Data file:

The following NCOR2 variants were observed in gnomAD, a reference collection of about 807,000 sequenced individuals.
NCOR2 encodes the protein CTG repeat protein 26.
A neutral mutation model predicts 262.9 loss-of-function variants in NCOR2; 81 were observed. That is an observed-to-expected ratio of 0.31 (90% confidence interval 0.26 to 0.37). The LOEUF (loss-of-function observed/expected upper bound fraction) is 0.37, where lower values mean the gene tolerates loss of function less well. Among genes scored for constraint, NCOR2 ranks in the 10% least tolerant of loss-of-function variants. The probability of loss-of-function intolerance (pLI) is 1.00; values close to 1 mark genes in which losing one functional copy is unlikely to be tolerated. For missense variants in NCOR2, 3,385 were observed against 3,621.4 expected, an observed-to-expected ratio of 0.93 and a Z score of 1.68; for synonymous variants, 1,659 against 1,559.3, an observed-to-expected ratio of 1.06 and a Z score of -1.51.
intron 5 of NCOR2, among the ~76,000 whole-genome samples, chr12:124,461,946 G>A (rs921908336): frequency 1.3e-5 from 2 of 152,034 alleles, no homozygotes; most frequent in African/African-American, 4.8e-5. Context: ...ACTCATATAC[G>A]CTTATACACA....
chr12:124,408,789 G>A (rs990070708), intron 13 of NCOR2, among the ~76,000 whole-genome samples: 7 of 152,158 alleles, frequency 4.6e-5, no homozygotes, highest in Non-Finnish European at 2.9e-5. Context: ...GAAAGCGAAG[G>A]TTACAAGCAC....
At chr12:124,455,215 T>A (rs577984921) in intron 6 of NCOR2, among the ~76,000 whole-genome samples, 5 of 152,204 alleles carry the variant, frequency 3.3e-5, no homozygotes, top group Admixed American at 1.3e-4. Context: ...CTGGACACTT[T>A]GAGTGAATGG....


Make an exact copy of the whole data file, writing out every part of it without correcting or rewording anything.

The following NCOR2 variants were observed in gnomAD, a reference collection of about 807,000 sequenced individuals.
NCOR2 encodes the protein CTG repeat protein 26.
A neutral mutation model predicts 262.9 loss-of-function variants in NCOR2; 81 were observed. That is an observed-to-expected ratio of 0.31 (90% confidence interval 0.26 to 0.37). The LOEUF (loss-of-function observed/expected upper bound fraction) is 0.37, where lower values mean the gene tolerates loss of function less well. Among genes scored for constraint, NCOR2 ranks in the 10% least tolerant of loss-of-function variants. The probability of loss-of-function intolerance (pLI) is 1.00; values close to 1 mark genes in which losing one functional copy is unlikely to be tolerated. For missense variants in NCOR2, 3,385 were observed against 3,621.4 expected, an observed-to-expected ratio of 0.93 and a Z score of 1.68; for synonymous variants, 1,659 against 1,559.3, an observed-to-expected ratio of 1.06 and a Z score of -1.51.
intron 5 of NCOR2, among the ~76,000 whole-genome samples, chr12:124,461,946 G>A (rs921908336): frequency 1.3e-5 from 2 of 152,034 alleles, no homozygotes; most frequent in African/African-American, 4.8e-5. Context: ...ACTCATATAC[G>A]CTTATACACA....
chr12:124,408,789 G>A (rs990070708), intron 13 of NCOR2, among the ~76,000 whole-genome samples: 7 of 152,158 alleles, frequency 4.6e-5, no homozygotes, highest in Non-Finnish European at 2.9e-5. Context: ...GAAAGCGAAG[G>A]TTACAAGCAC....
At chr12:124,455,215 T>A (rs577984921) in intron 6 of NCOR2, among the ~76,000 whole-genome samples, 5 of 152,204 alleles carry the variant, frequency 3.3e-5, no homozygotes, top group Admixed American at 1.3e-4. Context: ...CTGGACACTT[T>A]GAGTGAATGG....